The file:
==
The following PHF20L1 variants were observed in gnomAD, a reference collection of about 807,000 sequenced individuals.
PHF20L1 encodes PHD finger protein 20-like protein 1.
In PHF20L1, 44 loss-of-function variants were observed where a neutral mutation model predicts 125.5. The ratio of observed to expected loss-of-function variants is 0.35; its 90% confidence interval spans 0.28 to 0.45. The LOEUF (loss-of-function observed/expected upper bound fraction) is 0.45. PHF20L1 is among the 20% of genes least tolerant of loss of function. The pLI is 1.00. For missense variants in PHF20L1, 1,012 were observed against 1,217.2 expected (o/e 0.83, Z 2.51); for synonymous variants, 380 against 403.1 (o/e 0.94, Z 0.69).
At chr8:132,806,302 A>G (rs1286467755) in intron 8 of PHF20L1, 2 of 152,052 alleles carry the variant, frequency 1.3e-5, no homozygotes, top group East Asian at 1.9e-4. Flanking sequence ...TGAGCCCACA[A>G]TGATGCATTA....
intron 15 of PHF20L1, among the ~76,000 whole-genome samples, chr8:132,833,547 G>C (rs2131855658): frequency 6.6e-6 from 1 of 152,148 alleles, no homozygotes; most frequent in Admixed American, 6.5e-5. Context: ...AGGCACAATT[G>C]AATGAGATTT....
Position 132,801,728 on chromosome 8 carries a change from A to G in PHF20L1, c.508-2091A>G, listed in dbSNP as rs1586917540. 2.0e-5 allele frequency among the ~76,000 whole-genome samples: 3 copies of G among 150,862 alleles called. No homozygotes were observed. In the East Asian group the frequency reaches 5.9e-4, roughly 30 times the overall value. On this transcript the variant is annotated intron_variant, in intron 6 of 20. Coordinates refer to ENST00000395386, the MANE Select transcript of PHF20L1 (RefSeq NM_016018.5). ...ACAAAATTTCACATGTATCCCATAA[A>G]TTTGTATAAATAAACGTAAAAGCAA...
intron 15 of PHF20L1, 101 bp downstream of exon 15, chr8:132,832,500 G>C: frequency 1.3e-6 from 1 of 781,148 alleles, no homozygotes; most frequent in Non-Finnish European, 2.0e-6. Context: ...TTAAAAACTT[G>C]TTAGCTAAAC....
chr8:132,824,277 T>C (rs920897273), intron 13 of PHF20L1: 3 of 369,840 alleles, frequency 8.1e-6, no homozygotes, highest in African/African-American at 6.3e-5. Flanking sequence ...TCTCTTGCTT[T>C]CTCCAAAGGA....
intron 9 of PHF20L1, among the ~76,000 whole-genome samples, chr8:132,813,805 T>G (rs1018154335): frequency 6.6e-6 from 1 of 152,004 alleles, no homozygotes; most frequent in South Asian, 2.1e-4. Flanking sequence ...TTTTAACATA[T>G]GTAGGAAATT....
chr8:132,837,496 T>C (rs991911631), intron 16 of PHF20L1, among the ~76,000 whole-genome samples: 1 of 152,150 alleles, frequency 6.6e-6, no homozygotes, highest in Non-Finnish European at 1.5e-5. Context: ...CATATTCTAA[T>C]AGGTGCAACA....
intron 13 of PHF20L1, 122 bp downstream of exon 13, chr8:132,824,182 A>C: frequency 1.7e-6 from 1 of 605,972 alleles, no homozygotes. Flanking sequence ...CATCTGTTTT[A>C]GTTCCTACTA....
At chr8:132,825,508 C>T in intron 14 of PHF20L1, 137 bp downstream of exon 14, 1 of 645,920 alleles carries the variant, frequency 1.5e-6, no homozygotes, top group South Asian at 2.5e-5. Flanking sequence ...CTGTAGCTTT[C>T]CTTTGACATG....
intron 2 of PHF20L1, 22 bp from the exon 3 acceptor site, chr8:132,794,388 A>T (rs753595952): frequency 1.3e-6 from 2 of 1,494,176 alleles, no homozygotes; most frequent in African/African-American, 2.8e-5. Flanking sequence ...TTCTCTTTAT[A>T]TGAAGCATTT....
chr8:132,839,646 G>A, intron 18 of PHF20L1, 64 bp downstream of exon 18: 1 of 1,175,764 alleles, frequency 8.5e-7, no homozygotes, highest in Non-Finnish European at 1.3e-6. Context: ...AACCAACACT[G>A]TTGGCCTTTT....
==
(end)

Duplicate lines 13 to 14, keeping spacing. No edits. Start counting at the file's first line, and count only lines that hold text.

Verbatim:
intron 2 of PHF20L1, 22 bp from the exon 3 acceptor site, chr8:132,794,388 A>T (rs753595952): frequency 1.3e-6 from 2 of 1,494,176 alleles, no homozygotes; most frequent in African/African-American, 2.8e-5. Flanking sequence ...TTCTCTTTAT[A>T]TGAAGCATTT....
chr8:132,839,646 G>A, intron 18 of PHF20L1, 64 bp downstream of exon 18: 1 of 1,175,764 alleles, frequency 8.5e-7, no homozygotes, highest in Non-Finnish European at 1.3e-6. Context: ...AACCAACACT[G>A]TTGGCCTTTT....